At Such Great Heights: A Lesson In Courage
Courage is the strangest thing.
Yesterday I went and hung out with some kids in the DTLA art's district. We got up to some shenanigans, one of which was finding ourselves on a studio roof and shooting (images) into that beautiful golden light over our city.
It was absolutely phenomenal. The view was breathtaking from such great heights, but of course, when we noticed the tower that would take us up another three stories no one objected. The ladder was thin and exposed on the outside of the cement frame, the rungs no bigger round than a marker. I had no hesitation as I slung my heavy leather bag over my shoulder and began my climb.
I was over halfway to the top when I experienced something altogether new for me. Crippling fear. Suddenly my stomach was in my mouth and I was unsure I could keep my hands tight around the thin, cold metal. Awareness hit me like a ton of bricks. There was no water below, no harness to catch me, and the chill in the breeze at that height did nothing to help my courage. My head started to spin, my legs began feeling more like jello than flesh and bone.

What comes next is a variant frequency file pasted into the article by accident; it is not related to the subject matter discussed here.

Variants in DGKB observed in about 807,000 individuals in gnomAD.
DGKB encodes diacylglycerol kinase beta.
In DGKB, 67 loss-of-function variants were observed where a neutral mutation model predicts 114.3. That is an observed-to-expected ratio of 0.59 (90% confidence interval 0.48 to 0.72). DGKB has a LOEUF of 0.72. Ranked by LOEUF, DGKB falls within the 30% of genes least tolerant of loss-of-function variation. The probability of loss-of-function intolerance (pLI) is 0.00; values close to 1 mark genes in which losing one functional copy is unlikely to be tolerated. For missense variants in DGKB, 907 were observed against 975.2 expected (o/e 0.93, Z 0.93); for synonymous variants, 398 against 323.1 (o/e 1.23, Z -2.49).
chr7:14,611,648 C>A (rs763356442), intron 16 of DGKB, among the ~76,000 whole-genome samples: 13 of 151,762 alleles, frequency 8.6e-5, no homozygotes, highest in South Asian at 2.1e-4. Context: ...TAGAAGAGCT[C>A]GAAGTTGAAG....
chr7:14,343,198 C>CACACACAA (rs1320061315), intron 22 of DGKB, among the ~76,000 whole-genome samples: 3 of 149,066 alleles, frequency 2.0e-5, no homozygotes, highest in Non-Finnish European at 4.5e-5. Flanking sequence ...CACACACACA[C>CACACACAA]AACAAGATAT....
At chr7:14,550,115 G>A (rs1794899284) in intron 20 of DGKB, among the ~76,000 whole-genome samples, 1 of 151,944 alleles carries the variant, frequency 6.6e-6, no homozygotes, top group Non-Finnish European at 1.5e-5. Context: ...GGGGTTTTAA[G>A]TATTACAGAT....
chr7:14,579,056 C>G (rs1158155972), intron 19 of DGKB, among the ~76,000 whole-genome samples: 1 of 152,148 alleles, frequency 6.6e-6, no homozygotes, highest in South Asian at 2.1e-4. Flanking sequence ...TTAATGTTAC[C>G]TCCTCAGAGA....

I yelled up to my friend and he advised me to just stay at the second level. I obliged. the view was stunning, but now, a day later, I can't stop thinking about it. I can't stop thinking about how I didn't go all the way. About how I let fear stop me. About how I had this perceived idea of who I was, brave and fearless, that was once again cyclically shattered. Am I brave? Am I courageous? Am I wild, though fear got the best of me?
I had a long conversation on the phone tonight with someone I deeply trust and respect, and though it had nothing to do with my climb the day before, he reminded me of all the things I've faced in my life. All the loss. All the fear. All the confusion. All the change, and I sit here now thinking about bravery and what that looks like; courage and how that plays out.
Yesterday I experienced fear of heights for the first time (and I've jumped off some pretty huge cliff faces/waterfalls)-- it was exhilarating and caused me to question myself, but tonight I realize a fear of climbing 6 stories into the sky does not change the fundamentals of who I am.
I am brave. I am strong.
and yes, I do want to go back and climb that stupid ladder, but not because if I don't I'm any less of those things, more so because I relish the challenge.